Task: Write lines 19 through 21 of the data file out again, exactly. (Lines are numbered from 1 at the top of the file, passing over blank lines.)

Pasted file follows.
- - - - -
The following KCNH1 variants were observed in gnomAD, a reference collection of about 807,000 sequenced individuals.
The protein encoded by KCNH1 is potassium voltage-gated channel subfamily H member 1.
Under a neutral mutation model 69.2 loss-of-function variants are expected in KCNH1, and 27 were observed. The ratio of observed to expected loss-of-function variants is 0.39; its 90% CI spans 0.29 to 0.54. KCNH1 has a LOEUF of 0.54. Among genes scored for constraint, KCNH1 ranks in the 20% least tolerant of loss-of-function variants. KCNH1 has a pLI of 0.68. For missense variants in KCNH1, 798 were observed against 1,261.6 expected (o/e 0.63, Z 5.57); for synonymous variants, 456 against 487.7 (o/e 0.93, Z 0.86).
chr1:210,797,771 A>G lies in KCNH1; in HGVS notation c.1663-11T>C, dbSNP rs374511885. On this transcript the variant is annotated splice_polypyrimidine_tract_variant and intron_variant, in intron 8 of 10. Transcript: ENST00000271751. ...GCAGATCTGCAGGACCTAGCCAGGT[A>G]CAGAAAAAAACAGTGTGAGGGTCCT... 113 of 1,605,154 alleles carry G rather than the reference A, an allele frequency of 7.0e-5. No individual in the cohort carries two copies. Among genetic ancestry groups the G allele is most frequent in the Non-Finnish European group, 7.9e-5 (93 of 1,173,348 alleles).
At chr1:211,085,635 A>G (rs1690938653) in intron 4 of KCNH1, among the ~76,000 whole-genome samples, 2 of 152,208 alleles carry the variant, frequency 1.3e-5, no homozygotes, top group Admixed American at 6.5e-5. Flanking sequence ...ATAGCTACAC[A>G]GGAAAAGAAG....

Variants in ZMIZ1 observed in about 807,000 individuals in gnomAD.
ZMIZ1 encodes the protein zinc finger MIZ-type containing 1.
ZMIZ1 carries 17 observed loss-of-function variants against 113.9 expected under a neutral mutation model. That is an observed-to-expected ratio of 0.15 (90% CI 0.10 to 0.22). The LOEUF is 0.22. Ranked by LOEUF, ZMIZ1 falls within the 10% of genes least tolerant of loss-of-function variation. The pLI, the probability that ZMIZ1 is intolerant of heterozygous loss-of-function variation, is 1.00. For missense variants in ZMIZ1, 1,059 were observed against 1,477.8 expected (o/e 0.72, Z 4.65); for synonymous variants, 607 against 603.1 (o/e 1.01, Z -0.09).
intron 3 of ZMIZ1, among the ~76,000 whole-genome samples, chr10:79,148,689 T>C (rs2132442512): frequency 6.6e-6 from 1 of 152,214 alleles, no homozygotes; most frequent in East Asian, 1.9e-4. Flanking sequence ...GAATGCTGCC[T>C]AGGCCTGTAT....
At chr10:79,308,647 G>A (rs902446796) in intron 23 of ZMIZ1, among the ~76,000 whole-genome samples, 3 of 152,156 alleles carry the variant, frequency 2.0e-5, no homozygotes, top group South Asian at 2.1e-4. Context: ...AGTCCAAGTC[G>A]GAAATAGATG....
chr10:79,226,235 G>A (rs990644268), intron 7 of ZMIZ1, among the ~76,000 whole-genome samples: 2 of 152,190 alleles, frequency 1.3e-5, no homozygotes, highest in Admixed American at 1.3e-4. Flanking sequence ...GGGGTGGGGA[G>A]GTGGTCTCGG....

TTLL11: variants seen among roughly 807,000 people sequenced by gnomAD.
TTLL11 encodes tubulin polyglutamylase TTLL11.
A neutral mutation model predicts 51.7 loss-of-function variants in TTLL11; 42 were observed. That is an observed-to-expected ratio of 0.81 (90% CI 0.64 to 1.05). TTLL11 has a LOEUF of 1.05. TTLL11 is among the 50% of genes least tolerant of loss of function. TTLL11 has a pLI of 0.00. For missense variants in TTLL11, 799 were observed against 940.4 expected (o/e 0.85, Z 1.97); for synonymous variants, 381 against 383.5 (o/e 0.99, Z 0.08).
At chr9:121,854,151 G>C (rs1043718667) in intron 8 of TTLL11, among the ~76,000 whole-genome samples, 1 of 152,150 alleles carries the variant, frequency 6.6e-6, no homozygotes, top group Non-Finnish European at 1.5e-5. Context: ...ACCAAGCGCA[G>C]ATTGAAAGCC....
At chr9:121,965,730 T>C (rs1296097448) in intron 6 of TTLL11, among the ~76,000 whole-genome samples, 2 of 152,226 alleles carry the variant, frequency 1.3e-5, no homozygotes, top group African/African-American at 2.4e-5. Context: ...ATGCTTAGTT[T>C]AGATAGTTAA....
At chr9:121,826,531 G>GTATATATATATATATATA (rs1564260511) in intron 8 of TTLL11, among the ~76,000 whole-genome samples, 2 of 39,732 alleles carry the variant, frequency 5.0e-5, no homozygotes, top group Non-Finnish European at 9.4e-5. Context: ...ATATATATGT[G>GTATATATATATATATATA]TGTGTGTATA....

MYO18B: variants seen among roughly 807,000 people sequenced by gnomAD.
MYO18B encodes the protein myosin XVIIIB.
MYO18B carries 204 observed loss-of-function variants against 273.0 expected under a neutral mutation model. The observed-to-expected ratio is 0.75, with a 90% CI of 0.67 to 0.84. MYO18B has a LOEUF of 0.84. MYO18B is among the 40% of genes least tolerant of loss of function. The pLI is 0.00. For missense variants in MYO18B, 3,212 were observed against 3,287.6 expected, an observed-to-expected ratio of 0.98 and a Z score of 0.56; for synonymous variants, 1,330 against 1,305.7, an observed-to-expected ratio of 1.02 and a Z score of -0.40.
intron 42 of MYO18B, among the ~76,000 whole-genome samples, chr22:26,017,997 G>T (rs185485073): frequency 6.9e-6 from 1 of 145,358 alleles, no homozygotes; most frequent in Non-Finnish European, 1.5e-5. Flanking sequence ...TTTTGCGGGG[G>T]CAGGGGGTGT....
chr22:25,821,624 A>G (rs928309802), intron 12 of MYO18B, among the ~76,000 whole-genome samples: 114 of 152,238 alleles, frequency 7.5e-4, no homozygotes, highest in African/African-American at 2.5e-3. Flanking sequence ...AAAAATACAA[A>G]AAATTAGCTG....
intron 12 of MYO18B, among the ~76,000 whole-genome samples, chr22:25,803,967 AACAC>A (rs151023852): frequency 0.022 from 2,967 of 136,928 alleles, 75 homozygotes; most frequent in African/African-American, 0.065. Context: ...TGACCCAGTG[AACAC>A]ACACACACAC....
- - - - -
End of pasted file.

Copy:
MYO18B encodes the protein myosin XVIIIB.
MYO18B carries 204 observed loss-of-function variants against 273.0 expected under a neutral mutation model. The observed-to-expected ratio is 0.75, with a 90% CI of 0.67 to 0.84. MYO18B has a LOEUF of 0.84. MYO18B is among the 40% of genes least tolerant of loss of function. The pLI is 0.00. For missense variants in MYO18B, 3,212 were observed against 3,287.6 expected, an observed-to-expected ratio of 0.98 and a Z score of 0.56; for synonymous variants, 1,330 against 1,305.7, an observed-to-expected ratio of 1.02 and a Z score of -0.40.
intron 42 of MYO18B, among the ~76,000 whole-genome samples, chr22:26,017,997 G>T (rs185485073): frequency 6.9e-6 from 1 of 145,358 alleles, no homozygotes; most frequent in Non-Finnish European, 1.5e-5. Flanking sequence ...TTTTGCGGGG[G>T]CAGGGGGTGT....